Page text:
As the libertarian leaning video above demonstrates, the cornerstone of social morality might be considered to be based on voluntary exchanges and mutual consent. Or as a third grade teacher might instruct a student, "If you say you are going to do something, you should keep your word, otherwise do not promise somebody you will do something." The video above mentions that, "at times some people use force or fraud to take from others without voluntary consent."
Groups of individuals may also contract with an individual, as the video above demonstrates. Groups of individuals who have various moral codes, can agree upon basic moral tenets or positions and translate that into law, or HOA guidelines, or club rules. Religious bodies will work together for common social ends based on shared moral tenets. When a group contracts with an individual to perform a service, it is generally understood that the individual should faithfully keep his end of the mutual agreement, and should not violate that agreement because he later decides he does not want to do business with individuals who wear tacky clothes, or who wear hats, or who give their children medicine. In short, the individual has contracted to work for the group and if the group does not change its end of the bargain, the individual cannot morally change his or her end.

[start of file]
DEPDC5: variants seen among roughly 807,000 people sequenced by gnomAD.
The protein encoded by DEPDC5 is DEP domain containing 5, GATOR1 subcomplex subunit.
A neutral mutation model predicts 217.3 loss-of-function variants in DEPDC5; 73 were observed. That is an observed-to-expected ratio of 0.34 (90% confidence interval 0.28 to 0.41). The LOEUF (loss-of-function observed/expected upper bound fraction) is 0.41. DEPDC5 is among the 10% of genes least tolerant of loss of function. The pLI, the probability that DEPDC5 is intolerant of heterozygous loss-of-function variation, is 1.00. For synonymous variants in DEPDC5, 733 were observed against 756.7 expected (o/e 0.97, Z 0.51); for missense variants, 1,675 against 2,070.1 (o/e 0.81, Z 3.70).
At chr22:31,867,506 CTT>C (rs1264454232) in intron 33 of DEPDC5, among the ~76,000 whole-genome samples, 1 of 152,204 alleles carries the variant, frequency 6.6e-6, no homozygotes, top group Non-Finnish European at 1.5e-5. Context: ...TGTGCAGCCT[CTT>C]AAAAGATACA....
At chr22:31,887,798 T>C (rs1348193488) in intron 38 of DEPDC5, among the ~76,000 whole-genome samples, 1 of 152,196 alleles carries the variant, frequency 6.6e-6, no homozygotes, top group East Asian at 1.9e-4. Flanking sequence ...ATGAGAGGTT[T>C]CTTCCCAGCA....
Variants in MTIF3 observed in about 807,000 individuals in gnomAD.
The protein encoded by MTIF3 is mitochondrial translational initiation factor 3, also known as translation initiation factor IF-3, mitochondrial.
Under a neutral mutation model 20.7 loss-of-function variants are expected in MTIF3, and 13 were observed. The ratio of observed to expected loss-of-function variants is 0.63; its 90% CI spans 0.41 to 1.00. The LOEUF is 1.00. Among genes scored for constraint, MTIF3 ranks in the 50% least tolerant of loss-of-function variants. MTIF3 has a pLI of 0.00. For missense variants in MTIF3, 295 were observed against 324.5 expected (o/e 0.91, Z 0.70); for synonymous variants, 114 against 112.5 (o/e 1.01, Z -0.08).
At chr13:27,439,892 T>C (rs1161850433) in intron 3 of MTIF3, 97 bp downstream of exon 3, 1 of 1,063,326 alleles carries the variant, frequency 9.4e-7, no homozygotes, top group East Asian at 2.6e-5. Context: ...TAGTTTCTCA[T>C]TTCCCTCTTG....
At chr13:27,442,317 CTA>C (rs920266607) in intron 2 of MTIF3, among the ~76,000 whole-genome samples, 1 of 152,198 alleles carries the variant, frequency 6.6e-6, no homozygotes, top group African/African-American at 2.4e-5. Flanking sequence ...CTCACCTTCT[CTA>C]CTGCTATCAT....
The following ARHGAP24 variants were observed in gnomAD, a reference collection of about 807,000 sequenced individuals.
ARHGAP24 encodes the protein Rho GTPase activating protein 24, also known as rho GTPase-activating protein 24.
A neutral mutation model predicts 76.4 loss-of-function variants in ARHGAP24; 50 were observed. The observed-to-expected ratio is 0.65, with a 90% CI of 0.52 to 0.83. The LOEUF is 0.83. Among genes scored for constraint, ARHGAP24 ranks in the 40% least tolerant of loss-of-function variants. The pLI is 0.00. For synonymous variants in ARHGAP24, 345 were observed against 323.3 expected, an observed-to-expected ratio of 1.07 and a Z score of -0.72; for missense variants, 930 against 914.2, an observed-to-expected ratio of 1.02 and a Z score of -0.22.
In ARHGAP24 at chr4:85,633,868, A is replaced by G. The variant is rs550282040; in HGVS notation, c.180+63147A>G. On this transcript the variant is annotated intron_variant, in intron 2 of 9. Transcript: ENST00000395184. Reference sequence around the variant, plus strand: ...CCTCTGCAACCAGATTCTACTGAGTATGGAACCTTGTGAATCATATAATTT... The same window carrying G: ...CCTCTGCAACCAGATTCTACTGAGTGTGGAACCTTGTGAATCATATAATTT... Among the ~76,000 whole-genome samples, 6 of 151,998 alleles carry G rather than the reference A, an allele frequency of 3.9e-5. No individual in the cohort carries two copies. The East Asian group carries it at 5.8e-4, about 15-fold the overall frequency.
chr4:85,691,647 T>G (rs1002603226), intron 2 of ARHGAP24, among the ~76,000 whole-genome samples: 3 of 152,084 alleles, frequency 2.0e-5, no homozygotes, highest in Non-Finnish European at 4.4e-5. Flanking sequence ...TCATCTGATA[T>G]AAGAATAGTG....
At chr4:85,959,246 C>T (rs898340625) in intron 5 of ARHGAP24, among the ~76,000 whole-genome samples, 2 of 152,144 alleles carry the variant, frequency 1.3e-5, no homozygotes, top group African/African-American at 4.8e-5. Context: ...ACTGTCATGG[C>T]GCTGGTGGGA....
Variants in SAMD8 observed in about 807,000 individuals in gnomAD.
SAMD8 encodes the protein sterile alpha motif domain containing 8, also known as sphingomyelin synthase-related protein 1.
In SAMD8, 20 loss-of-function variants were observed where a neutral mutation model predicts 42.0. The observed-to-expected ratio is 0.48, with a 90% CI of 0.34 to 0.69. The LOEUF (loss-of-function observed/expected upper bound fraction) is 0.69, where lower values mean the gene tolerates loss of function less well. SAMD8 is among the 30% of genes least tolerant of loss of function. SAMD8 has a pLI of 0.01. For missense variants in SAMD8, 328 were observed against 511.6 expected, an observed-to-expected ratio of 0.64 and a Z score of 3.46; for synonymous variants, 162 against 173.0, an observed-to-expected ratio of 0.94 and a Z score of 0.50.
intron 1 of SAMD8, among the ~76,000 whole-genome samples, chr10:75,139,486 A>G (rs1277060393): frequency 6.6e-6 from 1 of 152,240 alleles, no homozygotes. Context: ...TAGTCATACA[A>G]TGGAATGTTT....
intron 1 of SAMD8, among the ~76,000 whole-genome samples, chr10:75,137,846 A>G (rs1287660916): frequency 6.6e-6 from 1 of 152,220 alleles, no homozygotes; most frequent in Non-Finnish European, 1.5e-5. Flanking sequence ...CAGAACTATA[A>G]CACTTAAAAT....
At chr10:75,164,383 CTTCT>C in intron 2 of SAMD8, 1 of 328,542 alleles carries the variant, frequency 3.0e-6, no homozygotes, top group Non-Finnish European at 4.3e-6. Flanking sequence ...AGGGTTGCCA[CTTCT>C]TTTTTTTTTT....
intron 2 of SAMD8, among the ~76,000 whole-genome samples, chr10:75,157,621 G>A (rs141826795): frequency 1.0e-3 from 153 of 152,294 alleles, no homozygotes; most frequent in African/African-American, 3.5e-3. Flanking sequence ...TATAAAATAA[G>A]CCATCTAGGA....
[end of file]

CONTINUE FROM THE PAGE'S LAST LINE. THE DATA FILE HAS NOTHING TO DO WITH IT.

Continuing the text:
As military officers, we have made a contract with all tax paying Americans, to perform services in accordance with the house rules (our laws and our Constitution). We are paid by the public to execute their decisions based upon a legal public morality, and not simply based on what we personally like, or do not like. Failing to do so after receiving millions of tax payer money and training, is quite simply immoral.
The irony is that Captain Pavoni claims the moral mantle, but he does so from an immoral position which damages the group he has voluntarily contracted with. By not making good on his oath to well and faithfully discharge the duties of his voluntarily contracted office, Captain Pavoni has demonstrated that he is unfit to ever again be in any public office, and those who would voluntarily contract with him in any mutual exchange would do well to understand the term caveat emptor. Captain Pavoni has demonstrated that his word is not to be trusted.
His example should serve as a reminder to all military officers - words are important, but that does not take the place of well thought out and reasoned understanding of our professional requirements and duties. And, of course, actions matter far more than words.